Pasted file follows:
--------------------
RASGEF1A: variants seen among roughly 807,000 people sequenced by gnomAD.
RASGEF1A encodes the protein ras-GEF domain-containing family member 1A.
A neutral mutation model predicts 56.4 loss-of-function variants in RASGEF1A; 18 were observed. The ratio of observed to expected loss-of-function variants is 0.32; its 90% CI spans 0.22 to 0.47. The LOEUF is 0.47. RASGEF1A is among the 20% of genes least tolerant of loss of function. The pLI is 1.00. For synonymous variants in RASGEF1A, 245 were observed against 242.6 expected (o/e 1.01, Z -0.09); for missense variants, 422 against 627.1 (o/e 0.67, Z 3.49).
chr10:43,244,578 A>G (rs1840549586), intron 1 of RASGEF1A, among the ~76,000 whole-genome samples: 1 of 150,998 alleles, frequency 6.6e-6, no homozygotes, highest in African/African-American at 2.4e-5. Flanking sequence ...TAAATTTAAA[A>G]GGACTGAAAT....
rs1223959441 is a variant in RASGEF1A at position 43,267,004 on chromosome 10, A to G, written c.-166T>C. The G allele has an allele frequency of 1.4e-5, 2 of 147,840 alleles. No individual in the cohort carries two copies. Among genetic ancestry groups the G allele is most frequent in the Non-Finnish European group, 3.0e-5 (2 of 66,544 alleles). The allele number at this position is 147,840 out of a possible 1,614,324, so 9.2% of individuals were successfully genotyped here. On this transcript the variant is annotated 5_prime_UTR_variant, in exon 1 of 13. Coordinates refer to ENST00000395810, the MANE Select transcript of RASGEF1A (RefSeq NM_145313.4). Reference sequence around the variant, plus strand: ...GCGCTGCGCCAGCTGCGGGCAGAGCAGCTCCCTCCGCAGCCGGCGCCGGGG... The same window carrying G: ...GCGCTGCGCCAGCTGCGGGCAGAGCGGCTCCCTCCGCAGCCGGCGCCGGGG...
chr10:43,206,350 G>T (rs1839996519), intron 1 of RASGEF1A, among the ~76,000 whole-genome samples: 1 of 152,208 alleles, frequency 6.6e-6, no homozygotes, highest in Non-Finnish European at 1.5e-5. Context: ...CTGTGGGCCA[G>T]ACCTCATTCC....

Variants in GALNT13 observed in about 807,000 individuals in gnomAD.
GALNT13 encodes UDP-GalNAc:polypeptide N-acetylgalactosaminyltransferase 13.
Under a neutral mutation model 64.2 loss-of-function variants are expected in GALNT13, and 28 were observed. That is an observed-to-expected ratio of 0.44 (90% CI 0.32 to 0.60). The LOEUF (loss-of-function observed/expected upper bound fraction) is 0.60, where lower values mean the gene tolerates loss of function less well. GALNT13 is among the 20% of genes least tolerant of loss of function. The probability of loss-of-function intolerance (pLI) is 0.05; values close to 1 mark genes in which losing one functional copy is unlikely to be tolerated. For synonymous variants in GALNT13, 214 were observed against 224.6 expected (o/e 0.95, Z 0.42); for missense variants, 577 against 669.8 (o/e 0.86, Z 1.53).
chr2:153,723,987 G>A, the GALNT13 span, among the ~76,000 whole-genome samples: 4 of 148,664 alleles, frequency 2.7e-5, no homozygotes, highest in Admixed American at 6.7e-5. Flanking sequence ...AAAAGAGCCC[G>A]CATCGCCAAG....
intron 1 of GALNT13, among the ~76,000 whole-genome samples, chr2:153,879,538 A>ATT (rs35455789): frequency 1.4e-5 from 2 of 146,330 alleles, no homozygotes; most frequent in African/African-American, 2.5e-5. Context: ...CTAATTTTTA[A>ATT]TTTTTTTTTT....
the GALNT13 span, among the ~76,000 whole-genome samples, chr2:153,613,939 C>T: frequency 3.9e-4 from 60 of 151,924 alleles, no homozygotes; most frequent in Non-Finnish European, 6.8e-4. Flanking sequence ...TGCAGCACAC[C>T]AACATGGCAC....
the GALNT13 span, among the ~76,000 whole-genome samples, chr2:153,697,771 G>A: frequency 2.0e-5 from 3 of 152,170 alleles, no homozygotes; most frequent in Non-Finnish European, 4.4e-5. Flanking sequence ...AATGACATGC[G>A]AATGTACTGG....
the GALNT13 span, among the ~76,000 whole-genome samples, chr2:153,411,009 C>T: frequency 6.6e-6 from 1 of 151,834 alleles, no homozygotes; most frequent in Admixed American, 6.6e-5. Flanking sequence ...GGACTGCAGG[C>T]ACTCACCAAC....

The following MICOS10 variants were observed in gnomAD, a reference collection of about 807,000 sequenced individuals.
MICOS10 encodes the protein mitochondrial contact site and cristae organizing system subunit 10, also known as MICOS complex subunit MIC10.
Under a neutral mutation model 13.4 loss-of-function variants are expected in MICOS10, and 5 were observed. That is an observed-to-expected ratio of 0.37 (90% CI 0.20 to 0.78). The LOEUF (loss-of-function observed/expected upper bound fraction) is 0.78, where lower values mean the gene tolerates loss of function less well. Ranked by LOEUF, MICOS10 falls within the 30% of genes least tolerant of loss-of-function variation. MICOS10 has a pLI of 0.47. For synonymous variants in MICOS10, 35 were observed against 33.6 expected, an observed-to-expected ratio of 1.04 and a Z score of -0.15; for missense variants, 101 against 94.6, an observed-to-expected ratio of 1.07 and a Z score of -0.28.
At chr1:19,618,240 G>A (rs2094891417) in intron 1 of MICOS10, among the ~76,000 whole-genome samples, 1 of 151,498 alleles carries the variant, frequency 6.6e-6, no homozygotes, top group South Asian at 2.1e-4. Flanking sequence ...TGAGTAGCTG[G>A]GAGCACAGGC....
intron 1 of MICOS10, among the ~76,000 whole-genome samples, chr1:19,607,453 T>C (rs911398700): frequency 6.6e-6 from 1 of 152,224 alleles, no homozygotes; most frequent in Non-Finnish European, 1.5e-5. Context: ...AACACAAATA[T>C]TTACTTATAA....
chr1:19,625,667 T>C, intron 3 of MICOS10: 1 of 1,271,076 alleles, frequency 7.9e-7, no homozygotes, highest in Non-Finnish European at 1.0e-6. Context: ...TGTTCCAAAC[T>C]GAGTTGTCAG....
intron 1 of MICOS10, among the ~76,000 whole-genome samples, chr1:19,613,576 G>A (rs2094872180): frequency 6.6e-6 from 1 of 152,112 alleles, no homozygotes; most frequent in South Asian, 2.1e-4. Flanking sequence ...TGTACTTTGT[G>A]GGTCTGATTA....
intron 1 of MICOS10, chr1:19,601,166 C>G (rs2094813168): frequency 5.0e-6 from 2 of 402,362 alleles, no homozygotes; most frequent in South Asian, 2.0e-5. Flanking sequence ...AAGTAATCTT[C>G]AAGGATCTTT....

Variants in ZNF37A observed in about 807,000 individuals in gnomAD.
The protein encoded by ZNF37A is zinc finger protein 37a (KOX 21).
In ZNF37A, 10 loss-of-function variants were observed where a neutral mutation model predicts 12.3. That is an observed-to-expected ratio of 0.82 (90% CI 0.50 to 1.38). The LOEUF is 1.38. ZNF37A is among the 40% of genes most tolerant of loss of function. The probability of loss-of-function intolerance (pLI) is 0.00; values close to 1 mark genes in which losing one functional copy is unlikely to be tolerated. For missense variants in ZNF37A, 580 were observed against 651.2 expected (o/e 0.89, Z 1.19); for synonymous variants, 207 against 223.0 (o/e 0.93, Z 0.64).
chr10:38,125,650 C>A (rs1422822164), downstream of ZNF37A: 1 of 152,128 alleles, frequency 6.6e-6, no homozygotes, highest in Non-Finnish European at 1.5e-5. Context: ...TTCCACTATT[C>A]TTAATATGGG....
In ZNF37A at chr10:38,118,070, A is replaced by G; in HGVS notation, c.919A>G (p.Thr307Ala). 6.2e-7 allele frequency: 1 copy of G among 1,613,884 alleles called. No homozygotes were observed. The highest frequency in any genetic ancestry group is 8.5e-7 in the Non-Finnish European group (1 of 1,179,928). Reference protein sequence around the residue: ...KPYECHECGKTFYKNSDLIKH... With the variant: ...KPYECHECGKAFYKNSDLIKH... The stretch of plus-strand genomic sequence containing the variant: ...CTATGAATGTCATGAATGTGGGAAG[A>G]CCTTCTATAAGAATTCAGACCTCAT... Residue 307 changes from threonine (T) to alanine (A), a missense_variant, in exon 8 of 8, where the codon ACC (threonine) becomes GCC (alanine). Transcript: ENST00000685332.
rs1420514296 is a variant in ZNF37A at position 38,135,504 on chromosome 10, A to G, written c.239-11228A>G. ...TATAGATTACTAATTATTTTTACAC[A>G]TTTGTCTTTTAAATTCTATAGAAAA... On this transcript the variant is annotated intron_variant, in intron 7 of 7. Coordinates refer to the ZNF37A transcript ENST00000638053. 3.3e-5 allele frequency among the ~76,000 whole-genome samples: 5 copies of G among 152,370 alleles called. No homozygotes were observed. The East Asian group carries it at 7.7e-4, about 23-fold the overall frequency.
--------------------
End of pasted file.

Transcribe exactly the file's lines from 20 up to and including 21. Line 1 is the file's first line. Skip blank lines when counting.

chr1:19,625,667 T>C, intron 3 of MICOS10: 1 of 1,271,076 alleles, frequency 7.9e-7, no homozygotes, highest in Non-Finnish European at 1.0e-6. Context: ...TGTTCCAAAC[T>C]GAGTTGTCAG....
intron 1 of MICOS10, among the ~76,000 whole-genome samples, chr1:19,613,576 G>A (rs2094872180): frequency 6.6e-6 from 1 of 152,112 alleles, no homozygotes; most frequent in South Asian, 2.1e-4. Flanking sequence ...TGTACTTTGT[G>A]GGTCTGATTA....